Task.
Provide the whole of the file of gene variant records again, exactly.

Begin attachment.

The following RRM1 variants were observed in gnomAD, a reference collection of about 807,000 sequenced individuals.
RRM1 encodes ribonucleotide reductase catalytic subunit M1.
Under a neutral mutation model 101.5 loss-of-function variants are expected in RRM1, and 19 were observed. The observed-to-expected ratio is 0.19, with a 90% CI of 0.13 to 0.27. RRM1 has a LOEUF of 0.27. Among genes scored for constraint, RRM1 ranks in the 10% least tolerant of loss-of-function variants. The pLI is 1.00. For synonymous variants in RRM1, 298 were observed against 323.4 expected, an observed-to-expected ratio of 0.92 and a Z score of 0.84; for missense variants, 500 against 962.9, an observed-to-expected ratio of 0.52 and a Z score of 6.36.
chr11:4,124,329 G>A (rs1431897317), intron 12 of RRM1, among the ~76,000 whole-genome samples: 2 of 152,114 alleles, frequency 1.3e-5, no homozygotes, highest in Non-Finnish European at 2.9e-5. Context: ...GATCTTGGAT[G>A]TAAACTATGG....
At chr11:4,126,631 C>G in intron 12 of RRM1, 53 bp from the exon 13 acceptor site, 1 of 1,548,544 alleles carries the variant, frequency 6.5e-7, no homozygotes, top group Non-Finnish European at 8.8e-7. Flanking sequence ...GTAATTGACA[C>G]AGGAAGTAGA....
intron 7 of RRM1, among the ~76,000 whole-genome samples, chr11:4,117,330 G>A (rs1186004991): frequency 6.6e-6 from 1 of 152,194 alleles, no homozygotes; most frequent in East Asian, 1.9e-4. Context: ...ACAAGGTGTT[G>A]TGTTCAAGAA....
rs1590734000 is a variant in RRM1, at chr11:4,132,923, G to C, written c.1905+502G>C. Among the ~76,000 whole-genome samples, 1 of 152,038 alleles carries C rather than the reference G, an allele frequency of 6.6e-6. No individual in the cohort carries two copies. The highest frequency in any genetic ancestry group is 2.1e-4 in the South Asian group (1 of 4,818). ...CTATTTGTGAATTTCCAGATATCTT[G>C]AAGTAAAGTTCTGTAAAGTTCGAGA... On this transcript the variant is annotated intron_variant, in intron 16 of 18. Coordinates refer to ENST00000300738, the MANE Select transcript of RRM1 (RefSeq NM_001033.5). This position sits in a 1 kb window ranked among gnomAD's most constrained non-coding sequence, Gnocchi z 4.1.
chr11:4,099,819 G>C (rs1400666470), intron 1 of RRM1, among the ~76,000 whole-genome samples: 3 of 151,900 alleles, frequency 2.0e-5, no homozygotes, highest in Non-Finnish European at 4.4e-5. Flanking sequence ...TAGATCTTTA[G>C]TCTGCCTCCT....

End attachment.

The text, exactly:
The following RRM1 variants were observed in gnomAD, a reference collection of about 807,000 sequenced individuals.
RRM1 encodes ribonucleotide reductase catalytic subunit M1.
Under a neutral mutation model 101.5 loss-of-function variants are expected in RRM1, and 19 were observed. The observed-to-expected ratio is 0.19, with a 90% CI of 0.13 to 0.27. RRM1 has a LOEUF of 0.27. Among genes scored for constraint, RRM1 ranks in the 10% least tolerant of loss-of-function variants. The pLI is 1.00. For synonymous variants in RRM1, 298 were observed against 323.4 expected, an observed-to-expected ratio of 0.92 and a Z score of 0.84; for missense variants, 500 against 962.9, an observed-to-expected ratio of 0.52 and a Z score of 6.36.
chr11:4,124,329 G>A (rs1431897317), intron 12 of RRM1, among the ~76,000 whole-genome samples: 2 of 152,114 alleles, frequency 1.3e-5, no homozygotes, highest in Non-Finnish European at 2.9e-5. Context: ...GATCTTGGAT[G>A]TAAACTATGG....
At chr11:4,126,631 C>G in intron 12 of RRM1, 53 bp from the exon 13 acceptor site, 1 of 1,548,544 alleles carries the variant, frequency 6.5e-7, no homozygotes, top group Non-Finnish European at 8.8e-7. Flanking sequence ...GTAATTGACA[C>G]AGGAAGTAGA....
intron 7 of RRM1, among the ~76,000 whole-genome samples, chr11:4,117,330 G>A (rs1186004991): frequency 6.6e-6 from 1 of 152,194 alleles, no homozygotes; most frequent in East Asian, 1.9e-4. Context: ...ACAAGGTGTT[G>A]TGTTCAAGAA....
rs1590734000 is a variant in RRM1, at chr11:4,132,923, G to C, written c.1905+502G>C. Among the ~76,000 whole-genome samples, 1 of 152,038 alleles carries C rather than the reference G, an allele frequency of 6.6e-6. No individual in the cohort carries two copies. The highest frequency in any genetic ancestry group is 2.1e-4 in the South Asian group (1 of 4,818). ...CTATTTGTGAATTTCCAGATATCTT[G>C]AAGTAAAGTTCTGTAAAGTTCGAGA... On this transcript the variant is annotated intron_variant, in intron 16 of 18. Coordinates refer to ENST00000300738, the MANE Select transcript of RRM1 (RefSeq NM_001033.5). This position sits in a 1 kb window ranked among gnomAD's most constrained non-coding sequence, Gnocchi z 4.1.
chr11:4,099,819 G>C (rs1400666470), intron 1 of RRM1, among the ~76,000 whole-genome samples: 3 of 151,900 alleles, frequency 2.0e-5, no homozygotes, highest in Non-Finnish European at 4.4e-5. Flanking sequence ...TAGATCTTTA[G>C]TCTGCCTCCT....